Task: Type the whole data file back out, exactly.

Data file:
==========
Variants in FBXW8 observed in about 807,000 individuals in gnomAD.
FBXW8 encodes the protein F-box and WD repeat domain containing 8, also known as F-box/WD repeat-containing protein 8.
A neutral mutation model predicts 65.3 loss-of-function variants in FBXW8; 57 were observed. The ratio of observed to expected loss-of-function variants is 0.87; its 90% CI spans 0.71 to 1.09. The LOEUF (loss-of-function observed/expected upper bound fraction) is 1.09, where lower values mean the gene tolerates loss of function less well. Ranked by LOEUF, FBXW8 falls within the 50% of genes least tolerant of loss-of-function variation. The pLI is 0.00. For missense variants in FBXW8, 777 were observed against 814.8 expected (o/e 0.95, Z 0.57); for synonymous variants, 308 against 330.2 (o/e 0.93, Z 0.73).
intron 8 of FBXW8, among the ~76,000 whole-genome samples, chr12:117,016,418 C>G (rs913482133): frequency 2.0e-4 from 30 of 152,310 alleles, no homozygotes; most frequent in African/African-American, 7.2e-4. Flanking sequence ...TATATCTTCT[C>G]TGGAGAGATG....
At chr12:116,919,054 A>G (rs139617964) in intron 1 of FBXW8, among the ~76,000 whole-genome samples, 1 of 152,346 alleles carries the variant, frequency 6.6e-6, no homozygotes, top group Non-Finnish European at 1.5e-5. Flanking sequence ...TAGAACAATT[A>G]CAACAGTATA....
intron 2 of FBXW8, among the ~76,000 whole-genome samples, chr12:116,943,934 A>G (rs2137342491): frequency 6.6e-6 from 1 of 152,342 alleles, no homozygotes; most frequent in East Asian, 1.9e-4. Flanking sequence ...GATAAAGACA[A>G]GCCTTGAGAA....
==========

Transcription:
Variants in FBXW8 observed in about 807,000 individuals in gnomAD.
FBXW8 encodes the protein F-box and WD repeat domain containing 8, also known as F-box/WD repeat-containing protein 8.
A neutral mutation model predicts 65.3 loss-of-function variants in FBXW8; 57 were observed. The ratio of observed to expected loss-of-function variants is 0.87; its 90% CI spans 0.71 to 1.09. The LOEUF (loss-of-function observed/expected upper bound fraction) is 1.09, where lower values mean the gene tolerates loss of function less well. Ranked by LOEUF, FBXW8 falls within the 50% of genes least tolerant of loss-of-function variation. The pLI is 0.00. For missense variants in FBXW8, 777 were observed against 814.8 expected (o/e 0.95, Z 0.57); for synonymous variants, 308 against 330.2 (o/e 0.93, Z 0.73).
intron 8 of FBXW8, among the ~76,000 whole-genome samples, chr12:117,016,418 C>G (rs913482133): frequency 2.0e-4 from 30 of 152,310 alleles, no homozygotes; most frequent in African/African-American, 7.2e-4. Flanking sequence ...TATATCTTCT[C>G]TGGAGAGATG....
At chr12:116,919,054 A>G (rs139617964) in intron 1 of FBXW8, among the ~76,000 whole-genome samples, 1 of 152,346 alleles carries the variant, frequency 6.6e-6, no homozygotes, top group Non-Finnish European at 1.5e-5. Flanking sequence ...TAGAACAATT[A>G]CAACAGTATA....
intron 2 of FBXW8, among the ~76,000 whole-genome samples, chr12:116,943,934 A>G (rs2137342491): frequency 6.6e-6 from 1 of 152,342 alleles, no homozygotes; most frequent in East Asian, 1.9e-4. Flanking sequence ...GATAAAGACA[A>G]GCCTTGAGAA....